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January 15, 2014

Local rags go digital

It goes without saying that local media is being transformed by the internet age. The variety of platforms now available for disseminating local news seems to grow on a daily basis. The functions served by local media remain broadly the same as ever –shaping local identity, fostering a sense of belonging and increasing people’s connectedness with one another. But where once it was the local rag, now it can be anything. Carnegie UK is exploring what this means with five very different communities from around the UK –  Wester Hailes is the Scottish contributor.


Angus Robertson, Sleat Community Trust

Our local media is vital to our democracy. But how can we make this media sustainable when the traditional business model for local news is under significant threat? This report, based on 8 workshops with activists from around the UK, examines the demand for local news and explains how co-operative ownership could help to deliver a positive future.

To read a copy of the full report click here

Wester Hailes Project overview

WHALE Arts will train a team of citizen journalists from the Wester Hailes area in Edinburgh who will create content for and edit the news section of the Digital Sentinel website. 

A Community Media Development worker has started fortnightly training sessions for the volunteers, which have been met with great enthusiasm. The citizen journalists are being trained to create audio and video content using smart phones, tablets and digital cameras, which are uploaded on to free to access platforms and linked to the website. Content is also welcomed from any local person or organisation, and RSS feeds will be drawn from local organisations and the local council. Small adverts, what’s on guides, special offers and a strong Facebook presence is also drawing residents to the site, ensuring it remains a practical and useful tool for community cohesion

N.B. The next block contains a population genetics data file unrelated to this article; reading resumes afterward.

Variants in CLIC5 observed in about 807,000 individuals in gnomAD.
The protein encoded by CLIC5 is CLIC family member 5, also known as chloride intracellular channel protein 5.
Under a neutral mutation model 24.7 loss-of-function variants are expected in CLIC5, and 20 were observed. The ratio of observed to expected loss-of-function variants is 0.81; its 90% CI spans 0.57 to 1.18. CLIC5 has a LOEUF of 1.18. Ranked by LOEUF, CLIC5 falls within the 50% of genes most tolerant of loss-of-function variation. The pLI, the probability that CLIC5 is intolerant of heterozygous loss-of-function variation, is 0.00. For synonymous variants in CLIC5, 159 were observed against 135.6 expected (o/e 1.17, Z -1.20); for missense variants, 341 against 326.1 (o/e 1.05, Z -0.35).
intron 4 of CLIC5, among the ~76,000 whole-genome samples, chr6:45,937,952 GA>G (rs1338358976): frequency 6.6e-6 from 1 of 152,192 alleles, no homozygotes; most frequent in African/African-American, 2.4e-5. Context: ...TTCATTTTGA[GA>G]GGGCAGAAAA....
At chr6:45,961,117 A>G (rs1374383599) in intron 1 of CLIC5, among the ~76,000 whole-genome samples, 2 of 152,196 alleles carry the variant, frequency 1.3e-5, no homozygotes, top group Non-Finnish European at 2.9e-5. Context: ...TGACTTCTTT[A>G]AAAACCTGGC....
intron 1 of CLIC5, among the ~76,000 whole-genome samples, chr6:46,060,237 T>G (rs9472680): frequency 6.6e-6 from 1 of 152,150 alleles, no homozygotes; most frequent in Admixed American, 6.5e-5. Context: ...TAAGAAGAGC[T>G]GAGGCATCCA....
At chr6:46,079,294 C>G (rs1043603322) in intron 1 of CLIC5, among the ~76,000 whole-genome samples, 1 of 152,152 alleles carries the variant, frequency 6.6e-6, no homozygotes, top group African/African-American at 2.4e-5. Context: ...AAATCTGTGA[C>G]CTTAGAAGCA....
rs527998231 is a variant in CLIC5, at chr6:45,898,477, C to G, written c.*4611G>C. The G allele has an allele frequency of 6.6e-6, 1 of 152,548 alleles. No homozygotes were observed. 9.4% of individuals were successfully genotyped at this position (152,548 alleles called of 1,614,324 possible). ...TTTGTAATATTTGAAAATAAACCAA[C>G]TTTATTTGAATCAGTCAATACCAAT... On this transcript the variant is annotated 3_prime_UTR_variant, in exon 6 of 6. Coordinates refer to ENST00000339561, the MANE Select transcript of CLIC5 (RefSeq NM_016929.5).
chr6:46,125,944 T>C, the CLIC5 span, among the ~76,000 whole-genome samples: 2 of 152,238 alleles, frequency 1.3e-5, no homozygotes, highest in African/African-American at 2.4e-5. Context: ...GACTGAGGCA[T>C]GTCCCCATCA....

WHALE Arts has also been welcomed by The Media Trust as a Local360 Beacon project, with the Trust providing the team with training in ethical journalism.  The Media Trust will support the development of an editorial board who will meet regularly to approve content and a steering group will develop strategy and financing.

Alison Reeves, Creative Director for WHALE Arts said: “The Digital Sentinel is a project in development and we are very grateful for the support of the Carnegie UK Trust that is enabling us to take a huge step forward.” 

“Since our local newspaper closed in 2008, community led organisations in the area have been looking for a way to give local people back their media voice. Our vision is that the Digital Sentinel will be a truly democratic news outlet, with residents trained and supported to tell their own stories to the highest journalistic standards.”

“We’ve been working as part of a great team of voluntary sector organisations, academics and local people over the past 2 years to conceive this idea. This award means we can now begin to empower the community to become ‘citizen journalists’ and report their news from their perspective.”